When It Comes to Social Media, Use What You’ve Got

August 4, 2015

Your company has plenty of existing content. Don’t let it go to waste.

By Kathryn Will

Keeping up with customers and leads on multiple social media platforms can seem overwhelming. You need to engage your customers and offer relevant content in order to build and keep their interest—but how? Allow existing content, such as case studies, customer questions, client testimonials, blog posts, and white papers or reports to drive your social media marketing.

You may think you need to create new content every time you post to Facebook, LinkedIn, Twitter, or Google+, but your social media life will be much easier when you take inventory and use what you already have.

Repurposing your content helps you reach more people in more places, says Social Media Examiner, the world’s largest online social media magazine, and it gives your content a longer lifespan.

Where to look for content

Your company has content to use. Even something as simple as a list of frequently asked customer questions can be turned into a great piece of social media content.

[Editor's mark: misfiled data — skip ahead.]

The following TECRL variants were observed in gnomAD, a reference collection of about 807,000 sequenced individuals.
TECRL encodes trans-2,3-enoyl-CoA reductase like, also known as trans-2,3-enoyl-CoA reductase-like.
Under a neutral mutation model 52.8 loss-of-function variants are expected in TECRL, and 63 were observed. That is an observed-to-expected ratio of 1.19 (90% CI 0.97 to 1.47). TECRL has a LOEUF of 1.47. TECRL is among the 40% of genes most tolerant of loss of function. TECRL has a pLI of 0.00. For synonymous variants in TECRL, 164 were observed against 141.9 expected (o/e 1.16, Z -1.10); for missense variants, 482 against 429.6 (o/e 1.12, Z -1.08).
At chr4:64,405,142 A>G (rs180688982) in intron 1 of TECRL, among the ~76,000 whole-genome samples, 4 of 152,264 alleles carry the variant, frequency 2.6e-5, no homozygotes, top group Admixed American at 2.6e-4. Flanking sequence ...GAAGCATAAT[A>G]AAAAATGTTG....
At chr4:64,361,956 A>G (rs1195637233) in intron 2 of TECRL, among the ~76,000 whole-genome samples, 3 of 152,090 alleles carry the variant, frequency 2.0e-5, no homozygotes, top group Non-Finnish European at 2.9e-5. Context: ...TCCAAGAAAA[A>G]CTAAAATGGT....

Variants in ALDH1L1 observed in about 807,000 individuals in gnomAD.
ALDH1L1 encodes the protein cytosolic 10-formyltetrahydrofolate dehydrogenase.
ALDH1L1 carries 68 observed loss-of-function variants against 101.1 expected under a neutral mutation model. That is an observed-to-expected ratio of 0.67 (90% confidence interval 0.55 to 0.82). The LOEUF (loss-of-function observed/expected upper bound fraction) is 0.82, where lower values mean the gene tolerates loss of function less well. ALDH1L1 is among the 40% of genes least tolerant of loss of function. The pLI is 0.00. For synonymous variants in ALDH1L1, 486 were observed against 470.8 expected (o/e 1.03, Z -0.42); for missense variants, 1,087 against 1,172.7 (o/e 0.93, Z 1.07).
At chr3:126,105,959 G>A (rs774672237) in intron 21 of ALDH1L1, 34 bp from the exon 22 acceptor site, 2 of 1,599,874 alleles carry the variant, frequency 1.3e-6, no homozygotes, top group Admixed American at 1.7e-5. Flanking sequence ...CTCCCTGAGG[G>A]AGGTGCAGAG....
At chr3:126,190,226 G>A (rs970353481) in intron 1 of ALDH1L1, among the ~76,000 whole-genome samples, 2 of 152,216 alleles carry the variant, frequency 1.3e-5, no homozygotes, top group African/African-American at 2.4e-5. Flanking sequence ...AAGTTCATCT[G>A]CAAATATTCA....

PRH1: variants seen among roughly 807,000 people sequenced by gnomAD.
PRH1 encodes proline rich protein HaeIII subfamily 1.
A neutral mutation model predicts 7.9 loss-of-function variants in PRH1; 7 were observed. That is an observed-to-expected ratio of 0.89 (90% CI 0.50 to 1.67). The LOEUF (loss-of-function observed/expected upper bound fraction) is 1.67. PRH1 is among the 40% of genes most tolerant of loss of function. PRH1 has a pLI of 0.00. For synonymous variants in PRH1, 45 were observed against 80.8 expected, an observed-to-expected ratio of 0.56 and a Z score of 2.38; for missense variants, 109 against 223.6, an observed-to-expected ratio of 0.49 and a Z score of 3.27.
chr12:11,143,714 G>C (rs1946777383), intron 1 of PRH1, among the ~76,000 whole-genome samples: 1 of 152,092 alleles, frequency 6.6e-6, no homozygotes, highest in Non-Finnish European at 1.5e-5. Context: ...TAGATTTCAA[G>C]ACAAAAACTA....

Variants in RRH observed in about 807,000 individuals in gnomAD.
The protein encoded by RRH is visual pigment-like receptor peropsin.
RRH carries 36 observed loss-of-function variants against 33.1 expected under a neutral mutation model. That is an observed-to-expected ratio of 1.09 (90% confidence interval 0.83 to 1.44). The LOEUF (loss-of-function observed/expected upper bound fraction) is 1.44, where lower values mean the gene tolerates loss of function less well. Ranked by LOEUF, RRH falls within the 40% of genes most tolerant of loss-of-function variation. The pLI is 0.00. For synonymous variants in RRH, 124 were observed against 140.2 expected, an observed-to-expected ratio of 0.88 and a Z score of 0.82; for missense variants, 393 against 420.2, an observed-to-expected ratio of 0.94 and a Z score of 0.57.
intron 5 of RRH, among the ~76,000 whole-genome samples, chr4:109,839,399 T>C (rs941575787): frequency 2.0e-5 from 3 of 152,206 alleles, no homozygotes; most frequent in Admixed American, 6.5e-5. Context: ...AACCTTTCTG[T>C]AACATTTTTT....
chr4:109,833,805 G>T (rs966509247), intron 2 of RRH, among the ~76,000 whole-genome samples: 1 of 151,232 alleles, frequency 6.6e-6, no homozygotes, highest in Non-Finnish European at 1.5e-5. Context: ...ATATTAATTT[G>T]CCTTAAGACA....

If your business offers any kind of tips or best practices, a great technique is to put that information online and then re-share it, either in its entirety or one tidbit at a time. This gives your customers and leads useful information and it doesn’t create any extra work on your end because the content has practically created itself. Customer testimonials from your social media channels can also be reused in this way.

Whitepapers or reports are great social media resources, too, as they can be segmented and shared again and again. An interesting statistic or fact can be tweeted and linked to the original report.

Also consider repurposing existing industry-relevant articles from other sources and providing your own unique commentary, including how the news relates to your clients.

Change things up

When it comes to repurposing, you can also consider using the same piece of content for your different social media channels.

Long-form articles or whitepapers might be just fine for LinkedIn, but visual content tends to perform better on Facebook and even Twitter, says Social Media Examiner, with posts getting more shares, likes, and retweets than posts without photos.

Tools such as SlideShare, Haiku Deck, or Canva can help you turn text-heavy content into image-based material.

Cultivate a plan to take inventory of things you and your staff have already created, including everything from case studies and presentations to client stories and annual reports. Once you know what you’ve got, you can think about where best to first use that content, and how to reformat it for more mileage.